June 19, 2015

 MacLean’s – Aaron Wherry
The House votes for (some vague notion of) freedom!

As the house nears the end of its session, this motion #590 may cause us to wonder a little about the power of language to affirm or to cloud an issue.  In this case the motion said “That, in the opinion of the House, all Members of Parliament should be allowed to vote freely on all matters of conscience.”  Nice deal if you can broker it but members, who voted 270 to 1 on this motion, also took some time to debate a little about what exactly is a matter of conscience.

Toronto Star – Carol Goar
Canadians seek leadership on inequality – A new study outlines how Canada became so economically polarized and outlines three ways to counteract the damage. 

Goar is reporting on a new study by Keith Banting of Queen’s and John Myles of U of T.  (Called Framing the New Inequality: The Politics of Income Redistribution in Canada, the study is to be published in an Institute for Public Policy forthcoming book called Income Inequality: The Canadian Story – sorry no links.)  Goar offers the three responses from the authors to redress the come inequality: shore up the poor, constrain the ultra-rich, and bolster the middle class.  The study, says Goar, “is an excellent primer for voters who want to understand what is happening to their country and what they can do.”

Toronto Star – Nicholas Keung
Secrecy surrounds death of troubled man in immigration detention  

A Somali man held in immigration detention for over four years has died in a Peterborough hospital, his true identity seemingly unknown to the very authorities who held him.  “In this instance, the name of a detainee who has died in custody is considered personal information, and CBSA will not make this information publicly available,” Goran Vragovic, CBSA Regional Director General for the Greater Toronto Area, said in a letter to the Star.  How could a man’s death in custody, without trial or conviction, be a secret?

Toronto Star – Alyshah Hasham and Jeremy Grimaldi
Young man found guilty of first-degree murder of Const. Garrett Styles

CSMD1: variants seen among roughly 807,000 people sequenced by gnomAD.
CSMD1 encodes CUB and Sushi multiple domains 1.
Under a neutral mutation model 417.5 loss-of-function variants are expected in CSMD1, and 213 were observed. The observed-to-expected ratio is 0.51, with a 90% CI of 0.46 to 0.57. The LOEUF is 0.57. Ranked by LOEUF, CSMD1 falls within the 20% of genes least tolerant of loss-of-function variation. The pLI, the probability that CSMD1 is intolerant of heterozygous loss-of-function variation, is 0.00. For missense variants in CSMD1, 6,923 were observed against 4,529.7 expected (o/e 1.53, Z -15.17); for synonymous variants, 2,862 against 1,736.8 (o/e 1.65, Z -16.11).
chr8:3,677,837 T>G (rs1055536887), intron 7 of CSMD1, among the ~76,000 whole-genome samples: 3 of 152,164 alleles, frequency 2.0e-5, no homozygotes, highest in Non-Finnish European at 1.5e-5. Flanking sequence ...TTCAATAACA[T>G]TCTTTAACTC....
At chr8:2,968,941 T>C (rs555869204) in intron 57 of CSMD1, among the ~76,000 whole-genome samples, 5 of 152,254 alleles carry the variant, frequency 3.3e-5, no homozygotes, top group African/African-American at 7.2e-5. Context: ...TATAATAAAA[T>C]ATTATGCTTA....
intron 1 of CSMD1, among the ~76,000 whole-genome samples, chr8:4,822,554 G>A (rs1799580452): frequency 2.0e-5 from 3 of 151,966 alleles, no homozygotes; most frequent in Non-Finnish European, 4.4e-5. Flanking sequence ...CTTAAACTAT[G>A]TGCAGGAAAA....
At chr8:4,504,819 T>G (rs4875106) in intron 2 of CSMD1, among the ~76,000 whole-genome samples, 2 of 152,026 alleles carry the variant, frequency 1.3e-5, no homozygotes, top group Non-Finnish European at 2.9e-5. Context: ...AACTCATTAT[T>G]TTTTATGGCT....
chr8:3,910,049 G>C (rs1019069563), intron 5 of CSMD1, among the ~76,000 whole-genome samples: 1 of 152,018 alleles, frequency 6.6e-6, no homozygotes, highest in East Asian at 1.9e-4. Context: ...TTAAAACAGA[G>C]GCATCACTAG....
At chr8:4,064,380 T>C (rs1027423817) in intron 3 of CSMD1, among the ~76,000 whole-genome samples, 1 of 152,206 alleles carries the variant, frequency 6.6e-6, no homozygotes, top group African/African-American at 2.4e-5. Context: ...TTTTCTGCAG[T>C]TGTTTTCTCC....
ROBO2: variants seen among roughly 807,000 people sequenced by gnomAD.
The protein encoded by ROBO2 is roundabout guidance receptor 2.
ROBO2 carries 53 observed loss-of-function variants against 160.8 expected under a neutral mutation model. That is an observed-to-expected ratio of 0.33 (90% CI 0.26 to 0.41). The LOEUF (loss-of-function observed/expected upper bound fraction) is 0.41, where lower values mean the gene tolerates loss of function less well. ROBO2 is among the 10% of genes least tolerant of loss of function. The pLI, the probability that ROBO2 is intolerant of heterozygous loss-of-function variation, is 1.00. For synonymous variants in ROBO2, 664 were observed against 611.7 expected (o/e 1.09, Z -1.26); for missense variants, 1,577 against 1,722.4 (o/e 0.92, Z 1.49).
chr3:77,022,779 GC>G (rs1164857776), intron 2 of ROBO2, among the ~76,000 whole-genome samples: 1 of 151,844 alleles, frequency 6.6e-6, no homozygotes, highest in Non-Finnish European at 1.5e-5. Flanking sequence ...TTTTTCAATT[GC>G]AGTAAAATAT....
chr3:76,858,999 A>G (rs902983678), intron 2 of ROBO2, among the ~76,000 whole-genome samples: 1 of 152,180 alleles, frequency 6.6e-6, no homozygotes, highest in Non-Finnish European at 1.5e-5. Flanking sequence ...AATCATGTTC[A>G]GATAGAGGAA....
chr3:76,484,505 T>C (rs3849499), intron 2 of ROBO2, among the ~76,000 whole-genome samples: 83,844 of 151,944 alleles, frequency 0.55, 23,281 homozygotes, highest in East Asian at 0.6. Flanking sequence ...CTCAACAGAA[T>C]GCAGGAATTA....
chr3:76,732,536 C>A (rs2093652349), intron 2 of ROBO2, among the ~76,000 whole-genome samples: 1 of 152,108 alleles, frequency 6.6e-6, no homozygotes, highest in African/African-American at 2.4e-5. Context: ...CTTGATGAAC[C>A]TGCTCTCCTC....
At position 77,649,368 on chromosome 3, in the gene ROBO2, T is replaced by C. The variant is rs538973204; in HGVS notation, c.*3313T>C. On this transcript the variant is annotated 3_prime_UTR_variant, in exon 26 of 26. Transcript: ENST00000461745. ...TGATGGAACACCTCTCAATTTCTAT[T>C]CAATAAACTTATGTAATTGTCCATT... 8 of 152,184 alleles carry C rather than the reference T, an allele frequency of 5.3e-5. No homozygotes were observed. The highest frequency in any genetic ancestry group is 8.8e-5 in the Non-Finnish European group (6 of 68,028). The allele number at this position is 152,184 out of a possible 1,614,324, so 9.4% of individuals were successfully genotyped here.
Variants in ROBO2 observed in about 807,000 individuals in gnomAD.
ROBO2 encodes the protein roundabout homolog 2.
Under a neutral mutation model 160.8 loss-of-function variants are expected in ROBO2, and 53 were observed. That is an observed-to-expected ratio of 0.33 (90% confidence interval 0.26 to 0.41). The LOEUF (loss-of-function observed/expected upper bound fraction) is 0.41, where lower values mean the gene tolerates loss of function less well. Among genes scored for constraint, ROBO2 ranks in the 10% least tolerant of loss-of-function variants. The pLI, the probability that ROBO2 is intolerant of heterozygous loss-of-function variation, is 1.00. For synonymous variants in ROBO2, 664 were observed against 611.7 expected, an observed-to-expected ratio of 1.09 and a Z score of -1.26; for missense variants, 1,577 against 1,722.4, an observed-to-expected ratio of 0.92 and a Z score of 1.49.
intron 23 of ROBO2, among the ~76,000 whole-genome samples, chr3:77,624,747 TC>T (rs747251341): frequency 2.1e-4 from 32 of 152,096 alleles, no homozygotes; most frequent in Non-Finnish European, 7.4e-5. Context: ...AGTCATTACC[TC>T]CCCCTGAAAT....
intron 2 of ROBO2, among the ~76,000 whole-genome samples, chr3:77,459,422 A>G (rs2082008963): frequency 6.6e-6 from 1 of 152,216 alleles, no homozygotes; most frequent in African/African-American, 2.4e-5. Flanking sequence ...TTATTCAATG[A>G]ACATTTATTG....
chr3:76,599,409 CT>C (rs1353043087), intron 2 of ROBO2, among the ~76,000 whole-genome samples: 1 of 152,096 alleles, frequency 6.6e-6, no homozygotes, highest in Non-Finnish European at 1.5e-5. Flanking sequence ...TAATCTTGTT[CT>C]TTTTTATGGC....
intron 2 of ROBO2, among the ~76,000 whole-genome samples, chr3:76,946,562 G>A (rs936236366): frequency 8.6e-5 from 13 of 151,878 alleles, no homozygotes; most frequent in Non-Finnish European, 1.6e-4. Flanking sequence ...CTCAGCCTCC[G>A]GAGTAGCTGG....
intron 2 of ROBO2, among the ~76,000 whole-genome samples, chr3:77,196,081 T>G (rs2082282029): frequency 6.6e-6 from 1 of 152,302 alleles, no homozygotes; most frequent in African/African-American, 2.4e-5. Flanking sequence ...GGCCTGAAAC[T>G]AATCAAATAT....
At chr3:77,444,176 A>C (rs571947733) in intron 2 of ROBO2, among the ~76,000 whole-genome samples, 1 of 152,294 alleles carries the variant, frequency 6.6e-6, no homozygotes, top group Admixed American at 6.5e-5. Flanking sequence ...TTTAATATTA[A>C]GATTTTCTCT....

Here’s a case that brings frustration in knowing that there is no solution, nor even comfort of any kind in the results.  A young constable, Garrett Styles, 35, dead and a fifteen year at the time of the incident has been left quadriplegic and guilty of first degree murder, facing 25 years in prison, the sentence to be determined on July 27.

Toronto Star – Joanna Smith
RCMP review on missing, murdered women reaffirms connection between homicides and family violence

RCMP examination of the almost 1200 murdered or missing women has concluded that the violence has its origins in the family and that most of the perpetrators of the violence are people known to the victims.  The report also updates the numbers from last year’s shocking revelation and says that in the intervening year 32 more Aboriginal women have been added, bringing the total now to over 1200.  RCMP are hoping that the report sparks combined effort to address the violence rather than more angry polarization.

CBC News – Terry Milewski
Turbans OK at security checks, but not niqabs at citizenship oath: Tim Uppal –  Multiculturalism minister tables last-minute bill that would ban niqabs at citizenship ceremonies 

The federal conservatives are in process of tabling bills in the house at the last minute knowing they will die on the order paper.  Many think the bills tabled are meant to define the election issues for the Tories.  This one around the niqab makes no sense since Lisa Raitt, Transportation minister, recently decided that the turban or Sikh head-dress was no longer subject to removal for inspection in airport security.  The Tories lost the regulation around the niqab at citizenship ceremonies in federal court but now appear intent on making its removal law.    Related article:  National Council of Canadian Muslims –Canadian Muslims urge Immigration Minister to clarify controversial comments